Last month, the Coalition had the pleasure of welcoming our first international member, Namati. Based out of Washington, D.C., Namati is a nonprofit organization committed to placing the law in the hands of the people. Namati situates grassroots legal advocates, also known as “community paralegals,” that work to protect citizens from multiple issues. These challenges span from preserving community land, citizen’s rights and health to exposing environmental injustice. They promote learning and collaboration with practitioners in grassroots organizations worldwide and work to advocate for policies and reforms. We spoke to Alayna Chuney, Environmental Justice Consultant for Namati, to learn more about their purpose.
Tell us about your organization and your mission.
Namati is a Sanskrit word that means “to shape something into a curve”. Martin Luther King Jr. said that “the arc of the moral universe is long, but it bends towards justice”. We call ourselves Namati because we’re dedicated to bending that curve.
Namati is a global organization dedicated to legal empowerment. We focus on “community paralegals”, sometimes called barefoot lawyers or legal empowerment advocates, who demystify law and help people exercise their rights. Namati works with community paralegals in 8 countries and hosts the Global Legal Empowerment Network, made up of over 1500 groups from 130 countries.
Our mission is to build a global movement of grassroots legal advocates who give people the power to understand, use, and shape the law. These advocates form a dynamic, creative frontline that can squeeze justice out of even broken systems.
Legal empowerment advocates treat their clients as empowered citizens rather than victims requiring an expert service. Instead of “I will solve this problem for you,” our message is: “We will solve this together, and you will grow stronger in the process.”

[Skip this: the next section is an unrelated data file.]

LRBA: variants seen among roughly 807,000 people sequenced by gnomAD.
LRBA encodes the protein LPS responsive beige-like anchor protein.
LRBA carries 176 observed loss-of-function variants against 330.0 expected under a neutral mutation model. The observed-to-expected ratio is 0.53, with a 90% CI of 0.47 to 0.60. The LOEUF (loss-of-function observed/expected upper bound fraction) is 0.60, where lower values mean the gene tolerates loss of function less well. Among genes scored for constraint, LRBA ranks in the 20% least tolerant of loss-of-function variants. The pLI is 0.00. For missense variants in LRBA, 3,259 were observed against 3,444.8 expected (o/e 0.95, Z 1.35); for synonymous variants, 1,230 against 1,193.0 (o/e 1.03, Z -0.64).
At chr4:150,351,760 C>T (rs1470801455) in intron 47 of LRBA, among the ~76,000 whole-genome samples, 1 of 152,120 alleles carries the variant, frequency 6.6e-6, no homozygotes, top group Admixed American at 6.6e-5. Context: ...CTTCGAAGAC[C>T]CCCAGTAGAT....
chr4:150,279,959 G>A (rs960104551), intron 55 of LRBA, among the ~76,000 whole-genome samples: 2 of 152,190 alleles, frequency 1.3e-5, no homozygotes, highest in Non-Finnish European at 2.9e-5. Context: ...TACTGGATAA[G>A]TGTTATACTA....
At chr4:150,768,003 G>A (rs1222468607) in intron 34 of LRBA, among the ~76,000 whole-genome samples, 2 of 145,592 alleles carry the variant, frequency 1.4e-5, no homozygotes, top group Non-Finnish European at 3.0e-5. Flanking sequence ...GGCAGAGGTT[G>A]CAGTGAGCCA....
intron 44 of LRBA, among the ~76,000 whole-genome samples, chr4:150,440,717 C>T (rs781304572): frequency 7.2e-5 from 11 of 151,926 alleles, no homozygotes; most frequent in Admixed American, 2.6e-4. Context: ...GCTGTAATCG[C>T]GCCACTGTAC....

What is one of your current projects you are the most excited about?
This is Namati’s first attempt to support grassroots legal empowerment in the U.S. We have a huge respect for the environmental justice movement here, and we look forward to working with community activists and organizations that are passionate about the environmental justice movement. Namati seeks innovative ways to develop and manage environmental regulation so that they achieve better environmental compliance. We experiment with interventions at the policy level and with institutions and communities. Our program will focus on environmental justice communities in Maryland and D.C and our goal is to create a case mapping system that will allow organizations to effectively track environmental injustices and figure out the legal tools necessary to redress the issue.
What issue area do you hope to focus on more of in the future?
Namati hopes to focus on environmental issues that impact low-income and minority communities. Our main focus right now is clean water and clean air, but we are realizing that safe housing and lead is a big issue in environmental justice communities and may be something in the future that we look at.
What do you hope to gain from being a member of the Coalition?
Namati hopes to gain lasting relationships with members of the Coalition. There are a ton of resources that the Coalition provides and we would like to use those resources to help us fulfill our mission of fighting environmental injustices. Being a part of the coalition will also allow us to partner with like-minded organizations and to learn about important issues surrounding clean water.